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A new case for term limits

Unfortunately, Congress’ vortex now spins the other way, throwing off powers that the executive scoops up. Hence this autumn’s spectacle: Feverish House and Senate candidates waging ferocious campaigns to win or retain offices that are of rapidly diminishing significance.

Climate change, and us

When you take the time to evaluate the evidence, it is clear that global warming and associated climate change are real, and if unchecked, are potentially catastrophic. Yet, there are real actions that we can do to improve the outcome. That was the message of a meeting Sept. 21 at the Wenatchee Valley Museum.

Whose war on women?

It has long been accepted by the conventionally wise that the Republican Party is waging a “war on women.”

Our real Syria strategy: Containment-plus

Late, hesitant and reluctant as he is, President Obama has begun effecting a workable strategy against the Islamic State. True, he’s been driven there by public opinion. Does anyone imagine that without the broadcast beheadings we’d be doing anything more than pinprick strikes within Iraq? If Obama can remain steady through future fluctuations in public opinion, his strategy might succeed.

High stakes in Kansas

SHAWNEE, Kan. — Tacked to the wall of Greg Orman’s campaign office is a print of a John Steuart Curry painting, “Tragic Prelude,” that hangs in the capitol in Topeka. It depicts John Brown of Osawatomie, 39 miles south of here, as what he was, a deranged product of “bleeding Kansas,” the Civil War’s overture. Today, Orman, who is as calm as Brown was crazed, is emblematic of fascinating Kansas.

Cry, you’re on hidden camera

Without prior knowledge or intent, I recently was inducted into a club I had no interest in joining, especially in light of the $200 initiation fee.

The jihadi logic working against the U.S.

What was the Islamic State thinking? We know it is sophisticated in its use of modern media. But what was the logic of propagating to the world videos of its beheadings of two Americans (and subsequently a Briton) — sure to inflame public opinion?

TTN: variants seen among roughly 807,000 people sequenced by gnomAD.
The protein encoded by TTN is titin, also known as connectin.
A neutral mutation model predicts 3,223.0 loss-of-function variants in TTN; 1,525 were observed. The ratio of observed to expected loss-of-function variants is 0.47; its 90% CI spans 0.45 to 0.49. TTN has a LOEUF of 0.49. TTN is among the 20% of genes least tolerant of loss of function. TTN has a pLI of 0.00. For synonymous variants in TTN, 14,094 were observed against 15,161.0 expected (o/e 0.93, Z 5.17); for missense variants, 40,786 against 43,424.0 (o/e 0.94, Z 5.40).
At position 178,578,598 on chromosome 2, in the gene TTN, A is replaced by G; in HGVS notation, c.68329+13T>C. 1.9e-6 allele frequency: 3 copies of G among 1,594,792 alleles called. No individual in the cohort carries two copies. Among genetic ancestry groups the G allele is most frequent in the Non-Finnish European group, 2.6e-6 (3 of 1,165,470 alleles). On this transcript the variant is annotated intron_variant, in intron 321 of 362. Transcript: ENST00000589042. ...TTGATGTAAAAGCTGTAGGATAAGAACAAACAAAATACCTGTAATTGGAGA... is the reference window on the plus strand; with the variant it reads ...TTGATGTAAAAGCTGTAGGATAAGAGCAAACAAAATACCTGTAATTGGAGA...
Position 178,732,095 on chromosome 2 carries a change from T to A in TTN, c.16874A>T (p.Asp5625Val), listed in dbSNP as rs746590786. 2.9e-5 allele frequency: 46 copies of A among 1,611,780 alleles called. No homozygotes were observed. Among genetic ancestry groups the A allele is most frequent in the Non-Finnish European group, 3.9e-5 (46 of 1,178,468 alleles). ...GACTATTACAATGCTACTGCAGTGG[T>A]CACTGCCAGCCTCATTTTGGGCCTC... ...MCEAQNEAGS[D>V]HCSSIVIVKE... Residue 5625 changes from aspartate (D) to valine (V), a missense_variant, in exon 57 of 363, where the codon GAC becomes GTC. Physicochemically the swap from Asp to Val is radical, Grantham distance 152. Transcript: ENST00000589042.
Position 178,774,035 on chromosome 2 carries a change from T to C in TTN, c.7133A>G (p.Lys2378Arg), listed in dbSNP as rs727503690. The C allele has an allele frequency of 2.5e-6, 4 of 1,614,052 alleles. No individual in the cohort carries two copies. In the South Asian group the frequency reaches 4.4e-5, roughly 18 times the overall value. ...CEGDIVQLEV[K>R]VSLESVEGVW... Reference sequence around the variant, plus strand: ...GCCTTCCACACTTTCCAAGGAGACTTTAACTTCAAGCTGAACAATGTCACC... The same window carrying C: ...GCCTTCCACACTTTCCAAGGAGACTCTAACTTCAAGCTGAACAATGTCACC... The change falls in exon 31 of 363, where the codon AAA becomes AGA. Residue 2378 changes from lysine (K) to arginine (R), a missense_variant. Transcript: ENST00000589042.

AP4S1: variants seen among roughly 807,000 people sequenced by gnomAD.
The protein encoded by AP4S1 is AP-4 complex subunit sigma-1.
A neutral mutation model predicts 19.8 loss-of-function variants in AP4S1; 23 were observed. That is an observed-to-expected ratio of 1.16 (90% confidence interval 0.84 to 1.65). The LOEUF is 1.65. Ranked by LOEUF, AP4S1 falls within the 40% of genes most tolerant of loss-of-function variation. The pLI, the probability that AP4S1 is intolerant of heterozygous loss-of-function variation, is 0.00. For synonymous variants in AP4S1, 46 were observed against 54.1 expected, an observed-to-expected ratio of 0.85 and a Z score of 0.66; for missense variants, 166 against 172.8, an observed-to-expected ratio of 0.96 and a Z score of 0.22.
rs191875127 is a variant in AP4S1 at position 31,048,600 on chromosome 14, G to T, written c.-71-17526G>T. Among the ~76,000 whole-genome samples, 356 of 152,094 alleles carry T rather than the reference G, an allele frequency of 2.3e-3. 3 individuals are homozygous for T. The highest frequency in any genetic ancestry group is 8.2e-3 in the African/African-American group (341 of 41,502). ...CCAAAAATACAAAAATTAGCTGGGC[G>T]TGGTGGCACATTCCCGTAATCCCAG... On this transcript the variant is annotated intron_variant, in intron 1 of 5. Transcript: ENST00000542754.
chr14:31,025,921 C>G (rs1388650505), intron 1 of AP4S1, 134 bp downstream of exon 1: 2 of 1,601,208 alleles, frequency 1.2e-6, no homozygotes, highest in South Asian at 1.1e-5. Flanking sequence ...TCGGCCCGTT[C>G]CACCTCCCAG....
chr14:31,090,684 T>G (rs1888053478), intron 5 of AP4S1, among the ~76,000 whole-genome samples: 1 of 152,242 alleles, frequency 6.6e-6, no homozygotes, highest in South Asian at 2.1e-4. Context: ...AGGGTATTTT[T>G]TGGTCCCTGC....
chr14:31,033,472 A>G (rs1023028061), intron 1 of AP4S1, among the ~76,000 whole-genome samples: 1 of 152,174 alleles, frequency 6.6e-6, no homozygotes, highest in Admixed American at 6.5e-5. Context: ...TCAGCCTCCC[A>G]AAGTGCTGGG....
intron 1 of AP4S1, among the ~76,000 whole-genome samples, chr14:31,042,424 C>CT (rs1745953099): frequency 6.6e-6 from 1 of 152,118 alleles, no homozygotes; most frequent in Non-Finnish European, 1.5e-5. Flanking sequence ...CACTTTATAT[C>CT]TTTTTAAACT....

A lot’s happened at Grant PUD

Operating two hydroelectric plants on the Mid-Columbia requires the ability to balance multiple interests at all times. Considerations for fish passage, recreation, cultural resources, electric generation, irrigation, and public safety are constants for Grant PUD. The complexity of this work compounds while we are responding to one of the greatest challenges faced by a hydropower operator on the Columbia River, a fracture at our Wanapum Dam.

Speed cameras for revenue, or safety?

When I filed for the position of Wenatchee City Council, I pledged to the citizens of Wenatchee to provide leadership and a common-sense approach, and to build public trust through communication and transparency. I’ve recently felt like there has been a shift from public input and opinion to an agenda forced process. The issue I want to discuss with this writing is the effort to install speed cameras in three of our school zones. The safety of the public and especially our children is one of my top priorities, and ...

Obama must ask Congress

The United States last declared war many wars ago, on June 5, 1942, when, to clarify legal ambiguities during a world conflagration, it declared war on Hungary, Romania and Bulgaria. Today’s issue is not whether to declare war but only whether the president should even seek congressional authorization for the protracted use of force against the Islamic State.

What we can do for our kids and grandkids

We consider ourselves optimists. And we should, because both of us have been incredibly lucky. We have our health, we live in a wonderful community, and our three grown sons are also healthy. But like many parents, we sometimes find ourselves worrying about them. Will they have good jobs? Good partners? Good futures? And like many parents, we try to sort out the concerns that we can do something about, from those that are out of our control.\

Wolves and ranches can coexist

What happened last month with the Huckleberry wolf pack and a band of sheep in southern Stevens County was not good for anybody. The operator lost several dozen sheep and a lot of time and money. And now, with the death of its female leader, the future behavior of the Huckleberry Pack — which had been thriving in that area without any livestock conflict for several years — is much harder to predict.